I can’t say how our new little client will react to music as an addition to her life.  Will it help when she needs to find a coping skill during school?  Will it help when she is emotional dysregulated and cannot find her way back to calm? As said, there is no one intervention as there is no one child.  Continually trying, for every single child is simply the least we can do.


What if We Actually Catered to Them?

What if we didn't cling to school rules?Whether the child is battling trauma, mental  illness, or an emotional/behavior disorder; the request they participate in the traditional classroom setting is merely a set up for their own failure.  Traditionally, we place them in an environment where they cannot succeed, then further shame them for their lack of compliance and success, and provide consequence after consequence at no fault of their own.

What if, we provide an environment that goes with their grain, with plenty of access to their own choice for regulating emotions, working productively, and managing their behaviors.

  1. Flexible seating: Clear expectations and a variety of choices across many types of activities.
    • Allow students to pick a lap desk, podium, wobble stool, beach chair, floor rocker, or bobble cushion during any and all work times.
  2. Calming corner and tools: offer a place to go, self-regulate, or use in their space to quietly regroup.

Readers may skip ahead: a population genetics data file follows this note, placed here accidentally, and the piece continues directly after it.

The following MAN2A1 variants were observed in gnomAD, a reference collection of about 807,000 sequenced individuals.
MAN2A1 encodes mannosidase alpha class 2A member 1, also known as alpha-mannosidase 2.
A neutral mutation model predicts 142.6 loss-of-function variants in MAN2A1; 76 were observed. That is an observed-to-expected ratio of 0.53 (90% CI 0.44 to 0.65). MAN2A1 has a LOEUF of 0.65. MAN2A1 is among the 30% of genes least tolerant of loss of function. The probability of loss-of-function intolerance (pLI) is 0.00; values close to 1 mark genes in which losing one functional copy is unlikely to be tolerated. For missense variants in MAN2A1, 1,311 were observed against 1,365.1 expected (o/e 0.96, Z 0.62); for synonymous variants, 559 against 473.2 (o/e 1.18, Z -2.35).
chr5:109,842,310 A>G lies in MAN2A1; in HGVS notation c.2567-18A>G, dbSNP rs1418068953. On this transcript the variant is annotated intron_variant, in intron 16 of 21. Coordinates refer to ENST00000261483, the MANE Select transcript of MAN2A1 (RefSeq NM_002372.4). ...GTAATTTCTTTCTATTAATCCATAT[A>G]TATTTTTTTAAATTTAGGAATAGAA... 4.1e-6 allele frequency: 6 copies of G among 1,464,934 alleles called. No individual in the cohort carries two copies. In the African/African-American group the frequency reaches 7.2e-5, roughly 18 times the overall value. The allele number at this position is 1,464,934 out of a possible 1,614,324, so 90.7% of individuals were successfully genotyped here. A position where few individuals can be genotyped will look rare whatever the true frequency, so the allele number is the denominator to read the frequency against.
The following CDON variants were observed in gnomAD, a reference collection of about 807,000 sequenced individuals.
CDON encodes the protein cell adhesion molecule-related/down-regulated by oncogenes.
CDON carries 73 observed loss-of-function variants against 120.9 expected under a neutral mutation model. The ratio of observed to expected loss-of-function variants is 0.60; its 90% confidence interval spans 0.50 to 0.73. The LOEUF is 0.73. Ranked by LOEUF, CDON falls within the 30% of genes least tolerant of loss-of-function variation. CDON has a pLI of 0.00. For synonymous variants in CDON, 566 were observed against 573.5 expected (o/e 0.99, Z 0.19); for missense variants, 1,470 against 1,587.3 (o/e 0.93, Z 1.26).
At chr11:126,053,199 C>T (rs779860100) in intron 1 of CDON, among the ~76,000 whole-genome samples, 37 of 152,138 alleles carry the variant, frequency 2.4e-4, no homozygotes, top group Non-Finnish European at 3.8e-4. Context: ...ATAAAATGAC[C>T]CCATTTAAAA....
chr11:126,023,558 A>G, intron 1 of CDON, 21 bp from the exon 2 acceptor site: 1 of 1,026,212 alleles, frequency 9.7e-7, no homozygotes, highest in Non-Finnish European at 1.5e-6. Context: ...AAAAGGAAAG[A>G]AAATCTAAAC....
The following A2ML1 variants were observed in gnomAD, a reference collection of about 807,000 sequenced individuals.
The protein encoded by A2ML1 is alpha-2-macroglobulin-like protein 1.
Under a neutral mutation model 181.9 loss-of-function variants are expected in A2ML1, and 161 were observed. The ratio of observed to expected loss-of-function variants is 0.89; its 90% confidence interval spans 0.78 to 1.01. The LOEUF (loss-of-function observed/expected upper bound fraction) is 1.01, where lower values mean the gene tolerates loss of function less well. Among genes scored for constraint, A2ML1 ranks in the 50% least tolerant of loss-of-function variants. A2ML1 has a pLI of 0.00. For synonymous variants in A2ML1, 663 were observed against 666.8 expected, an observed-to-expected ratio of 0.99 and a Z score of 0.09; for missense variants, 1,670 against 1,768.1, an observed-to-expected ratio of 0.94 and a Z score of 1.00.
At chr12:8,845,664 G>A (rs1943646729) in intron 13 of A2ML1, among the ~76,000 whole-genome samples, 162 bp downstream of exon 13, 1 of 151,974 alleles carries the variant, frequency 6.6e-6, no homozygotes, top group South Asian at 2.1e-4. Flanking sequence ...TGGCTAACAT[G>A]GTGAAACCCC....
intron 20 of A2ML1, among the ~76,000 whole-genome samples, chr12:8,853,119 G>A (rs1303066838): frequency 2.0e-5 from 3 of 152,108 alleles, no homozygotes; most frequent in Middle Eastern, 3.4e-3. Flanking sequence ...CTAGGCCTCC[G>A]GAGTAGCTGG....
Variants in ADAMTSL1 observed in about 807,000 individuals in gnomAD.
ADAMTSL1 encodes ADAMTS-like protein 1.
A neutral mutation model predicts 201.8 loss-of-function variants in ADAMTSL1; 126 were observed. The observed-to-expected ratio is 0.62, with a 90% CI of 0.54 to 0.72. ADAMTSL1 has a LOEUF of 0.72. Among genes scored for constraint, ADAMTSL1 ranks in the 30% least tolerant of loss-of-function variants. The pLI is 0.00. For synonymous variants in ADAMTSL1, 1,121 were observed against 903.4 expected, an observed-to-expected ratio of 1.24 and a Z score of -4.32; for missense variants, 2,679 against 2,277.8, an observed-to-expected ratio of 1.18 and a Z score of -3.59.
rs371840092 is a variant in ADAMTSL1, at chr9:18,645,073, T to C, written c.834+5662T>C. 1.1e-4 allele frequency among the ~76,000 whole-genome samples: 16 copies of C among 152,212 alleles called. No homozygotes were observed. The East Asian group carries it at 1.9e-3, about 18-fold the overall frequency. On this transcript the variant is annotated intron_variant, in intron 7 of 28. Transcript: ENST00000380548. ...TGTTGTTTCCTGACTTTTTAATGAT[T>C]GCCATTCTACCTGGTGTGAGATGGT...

• Offer the arts, brain teasers, or doodles for older students. Quiet sensory objects, clay, cut up pool noodles, pipe cleaners, fidgets, coloring designs for others.  Engage a quiet voice for students where they can go and regroup solo practicing skills they need throughout their lives.
  3. Give up a few rules: Define a few expectations.  Then let go of the rest.  If a student has problem, messes up, arrives late, acts out; try waiting till after class and asking them how they are doing.  Try putting off the need for 100% compliance and show compassion.  They may have made a misstep this time, but with the correct and subsequent supports moving forward they will be less likely to do so again.

We are not in the business to police, dictate, or regulate.  We are the business of caring, supporting, and maybe a bit of guiding along the way.  What if we let go of school rules just a little bit, and actually catered to what they really need on the insides?


Positive Reinforcment 101

“I can live for two months on good compliment,” Mark Twain.